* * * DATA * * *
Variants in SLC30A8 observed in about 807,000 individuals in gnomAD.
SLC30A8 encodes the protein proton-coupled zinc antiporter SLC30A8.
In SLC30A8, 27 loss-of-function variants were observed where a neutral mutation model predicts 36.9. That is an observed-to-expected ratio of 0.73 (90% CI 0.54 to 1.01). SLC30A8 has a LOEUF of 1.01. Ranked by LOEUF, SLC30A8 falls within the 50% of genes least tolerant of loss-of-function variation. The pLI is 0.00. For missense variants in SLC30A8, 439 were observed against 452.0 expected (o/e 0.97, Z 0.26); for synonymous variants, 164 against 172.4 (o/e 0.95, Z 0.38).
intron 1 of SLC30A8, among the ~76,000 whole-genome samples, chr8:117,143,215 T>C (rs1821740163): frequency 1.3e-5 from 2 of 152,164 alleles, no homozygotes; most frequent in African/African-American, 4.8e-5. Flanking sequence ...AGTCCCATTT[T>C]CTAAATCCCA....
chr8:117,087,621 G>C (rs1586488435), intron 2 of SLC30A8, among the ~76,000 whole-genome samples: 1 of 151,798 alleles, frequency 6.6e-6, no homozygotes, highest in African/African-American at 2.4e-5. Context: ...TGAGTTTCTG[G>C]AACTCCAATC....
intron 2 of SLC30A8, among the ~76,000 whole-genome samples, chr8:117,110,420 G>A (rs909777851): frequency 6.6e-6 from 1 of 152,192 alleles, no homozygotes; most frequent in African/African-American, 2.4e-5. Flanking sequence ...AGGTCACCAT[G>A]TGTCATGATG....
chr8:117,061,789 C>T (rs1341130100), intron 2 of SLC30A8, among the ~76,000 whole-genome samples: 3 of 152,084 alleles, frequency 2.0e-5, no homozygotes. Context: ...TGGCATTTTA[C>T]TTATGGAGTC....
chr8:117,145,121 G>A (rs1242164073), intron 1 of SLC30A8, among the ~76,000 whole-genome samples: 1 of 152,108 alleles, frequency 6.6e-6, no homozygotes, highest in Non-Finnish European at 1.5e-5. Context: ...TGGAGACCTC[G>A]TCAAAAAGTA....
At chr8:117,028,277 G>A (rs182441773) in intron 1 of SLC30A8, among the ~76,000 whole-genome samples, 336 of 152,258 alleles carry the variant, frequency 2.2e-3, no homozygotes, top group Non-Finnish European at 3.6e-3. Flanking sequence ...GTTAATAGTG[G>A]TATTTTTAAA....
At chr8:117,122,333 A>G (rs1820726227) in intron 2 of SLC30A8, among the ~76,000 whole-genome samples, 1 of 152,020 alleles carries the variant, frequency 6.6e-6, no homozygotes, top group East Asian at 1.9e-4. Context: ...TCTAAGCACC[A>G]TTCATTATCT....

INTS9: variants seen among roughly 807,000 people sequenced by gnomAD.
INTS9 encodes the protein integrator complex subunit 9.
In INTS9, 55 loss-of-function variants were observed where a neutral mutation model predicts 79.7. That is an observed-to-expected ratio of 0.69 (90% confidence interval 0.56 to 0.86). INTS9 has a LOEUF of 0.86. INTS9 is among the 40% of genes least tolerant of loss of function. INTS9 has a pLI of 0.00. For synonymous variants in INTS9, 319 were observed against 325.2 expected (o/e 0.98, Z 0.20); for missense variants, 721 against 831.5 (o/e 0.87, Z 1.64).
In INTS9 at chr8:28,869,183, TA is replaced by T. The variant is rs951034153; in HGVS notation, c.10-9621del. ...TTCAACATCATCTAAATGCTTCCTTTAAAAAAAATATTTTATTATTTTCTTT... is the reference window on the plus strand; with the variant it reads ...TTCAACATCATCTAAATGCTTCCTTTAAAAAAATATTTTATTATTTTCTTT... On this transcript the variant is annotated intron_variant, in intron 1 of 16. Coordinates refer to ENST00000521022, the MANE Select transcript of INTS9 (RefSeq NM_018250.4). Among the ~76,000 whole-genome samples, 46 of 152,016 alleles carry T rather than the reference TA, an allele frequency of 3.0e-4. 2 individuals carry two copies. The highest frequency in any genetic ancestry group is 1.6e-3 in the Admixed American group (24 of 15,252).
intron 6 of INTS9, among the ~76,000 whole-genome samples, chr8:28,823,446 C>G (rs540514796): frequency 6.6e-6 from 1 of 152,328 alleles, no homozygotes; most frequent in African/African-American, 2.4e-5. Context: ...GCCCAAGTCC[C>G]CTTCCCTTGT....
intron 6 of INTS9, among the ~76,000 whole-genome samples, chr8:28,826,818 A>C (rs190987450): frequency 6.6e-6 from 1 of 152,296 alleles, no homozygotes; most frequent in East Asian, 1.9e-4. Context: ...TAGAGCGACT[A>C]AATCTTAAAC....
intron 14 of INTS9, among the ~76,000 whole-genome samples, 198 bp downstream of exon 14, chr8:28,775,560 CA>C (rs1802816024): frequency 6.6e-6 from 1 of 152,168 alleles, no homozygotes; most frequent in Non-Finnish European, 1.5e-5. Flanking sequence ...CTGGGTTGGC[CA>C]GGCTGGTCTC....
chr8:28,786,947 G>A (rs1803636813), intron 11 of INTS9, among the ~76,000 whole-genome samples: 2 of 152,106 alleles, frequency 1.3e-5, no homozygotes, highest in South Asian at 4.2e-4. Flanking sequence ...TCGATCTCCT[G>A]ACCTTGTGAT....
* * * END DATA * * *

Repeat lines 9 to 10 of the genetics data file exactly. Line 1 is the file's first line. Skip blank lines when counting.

At chr8:117,028,277 G>A (rs182441773) in intron 1 of SLC30A8, among the ~76,000 whole-genome samples, 336 of 152,258 alleles carry the variant, frequency 2.2e-3, no homozygotes, top group Non-Finnish European at 3.6e-3. Flanking sequence ...GTTAATAGTG[G>A]TATTTTTAAA....
At chr8:117,122,333 A>G (rs1820726227) in intron 2 of SLC30A8, among the ~76,000 whole-genome samples, 1 of 152,020 alleles carries the variant, frequency 6.6e-6, no homozygotes, top group East Asian at 1.9e-4. Context: ...TCTAAGCACC[A>G]TTCATTATCT....